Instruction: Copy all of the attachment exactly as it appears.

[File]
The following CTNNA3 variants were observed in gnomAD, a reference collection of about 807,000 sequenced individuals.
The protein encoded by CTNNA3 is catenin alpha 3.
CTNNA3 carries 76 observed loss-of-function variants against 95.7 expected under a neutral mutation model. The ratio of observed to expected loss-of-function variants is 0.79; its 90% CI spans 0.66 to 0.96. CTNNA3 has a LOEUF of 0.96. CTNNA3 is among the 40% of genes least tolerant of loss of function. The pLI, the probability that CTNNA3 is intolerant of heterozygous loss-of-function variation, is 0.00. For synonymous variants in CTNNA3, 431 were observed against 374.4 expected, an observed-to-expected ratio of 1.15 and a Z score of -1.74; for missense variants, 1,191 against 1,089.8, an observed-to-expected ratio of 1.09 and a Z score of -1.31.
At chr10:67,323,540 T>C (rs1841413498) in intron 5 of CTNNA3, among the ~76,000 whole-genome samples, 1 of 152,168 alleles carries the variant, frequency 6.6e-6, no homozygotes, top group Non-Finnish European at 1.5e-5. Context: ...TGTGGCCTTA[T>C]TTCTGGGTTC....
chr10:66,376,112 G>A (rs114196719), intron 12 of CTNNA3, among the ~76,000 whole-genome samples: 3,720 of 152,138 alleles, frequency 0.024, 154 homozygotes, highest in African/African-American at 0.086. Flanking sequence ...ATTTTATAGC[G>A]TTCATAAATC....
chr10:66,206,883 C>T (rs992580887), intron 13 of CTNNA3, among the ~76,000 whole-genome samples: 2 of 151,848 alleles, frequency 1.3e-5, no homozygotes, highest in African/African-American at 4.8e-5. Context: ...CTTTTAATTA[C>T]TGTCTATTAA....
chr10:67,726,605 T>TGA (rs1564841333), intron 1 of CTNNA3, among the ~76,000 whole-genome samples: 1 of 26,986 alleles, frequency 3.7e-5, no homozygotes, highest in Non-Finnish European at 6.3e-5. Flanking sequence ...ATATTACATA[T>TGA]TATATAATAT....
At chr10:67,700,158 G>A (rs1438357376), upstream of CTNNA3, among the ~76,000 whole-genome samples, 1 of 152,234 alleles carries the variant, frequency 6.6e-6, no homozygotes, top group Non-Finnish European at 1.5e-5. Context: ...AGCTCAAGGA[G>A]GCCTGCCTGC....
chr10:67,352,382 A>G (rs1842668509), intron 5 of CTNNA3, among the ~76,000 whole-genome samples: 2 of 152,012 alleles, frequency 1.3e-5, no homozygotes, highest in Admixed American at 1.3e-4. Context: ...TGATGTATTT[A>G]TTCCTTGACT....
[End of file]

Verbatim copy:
The following CTNNA3 variants were observed in gnomAD, a reference collection of about 807,000 sequenced individuals.
The protein encoded by CTNNA3 is catenin alpha 3.
CTNNA3 carries 76 observed loss-of-function variants against 95.7 expected under a neutral mutation model. The ratio of observed to expected loss-of-function variants is 0.79; its 90% CI spans 0.66 to 0.96. CTNNA3 has a LOEUF of 0.96. CTNNA3 is among the 40% of genes least tolerant of loss of function. The pLI, the probability that CTNNA3 is intolerant of heterozygous loss-of-function variation, is 0.00. For synonymous variants in CTNNA3, 431 were observed against 374.4 expected, an observed-to-expected ratio of 1.15 and a Z score of -1.74; for missense variants, 1,191 against 1,089.8, an observed-to-expected ratio of 1.09 and a Z score of -1.31.
At chr10:67,323,540 T>C (rs1841413498) in intron 5 of CTNNA3, among the ~76,000 whole-genome samples, 1 of 152,168 alleles carries the variant, frequency 6.6e-6, no homozygotes, top group Non-Finnish European at 1.5e-5. Context: ...TGTGGCCTTA[T>C]TTCTGGGTTC....
chr10:66,376,112 G>A (rs114196719), intron 12 of CTNNA3, among the ~76,000 whole-genome samples: 3,720 of 152,138 alleles, frequency 0.024, 154 homozygotes, highest in African/African-American at 0.086. Flanking sequence ...ATTTTATAGC[G>A]TTCATAAATC....
chr10:66,206,883 C>T (rs992580887), intron 13 of CTNNA3, among the ~76,000 whole-genome samples: 2 of 151,848 alleles, frequency 1.3e-5, no homozygotes, highest in African/African-American at 4.8e-5. Context: ...CTTTTAATTA[C>T]TGTCTATTAA....
chr10:67,726,605 T>TGA (rs1564841333), intron 1 of CTNNA3, among the ~76,000 whole-genome samples: 1 of 26,986 alleles, frequency 3.7e-5, no homozygotes, highest in Non-Finnish European at 6.3e-5. Flanking sequence ...ATATTACATA[T>TGA]TATATAATAT....
At chr10:67,700,158 G>A (rs1438357376), upstream of CTNNA3, among the ~76,000 whole-genome samples, 1 of 152,234 alleles carries the variant, frequency 6.6e-6, no homozygotes, top group Non-Finnish European at 1.5e-5. Context: ...AGCTCAAGGA[G>A]GCCTGCCTGC....
chr10:67,352,382 A>G (rs1842668509), intron 5 of CTNNA3, among the ~76,000 whole-genome samples: 2 of 152,012 alleles, frequency 1.3e-5, no homozygotes, highest in Admixed American at 1.3e-4. Context: ...TGATGTATTT[A>G]TTCCTTGACT....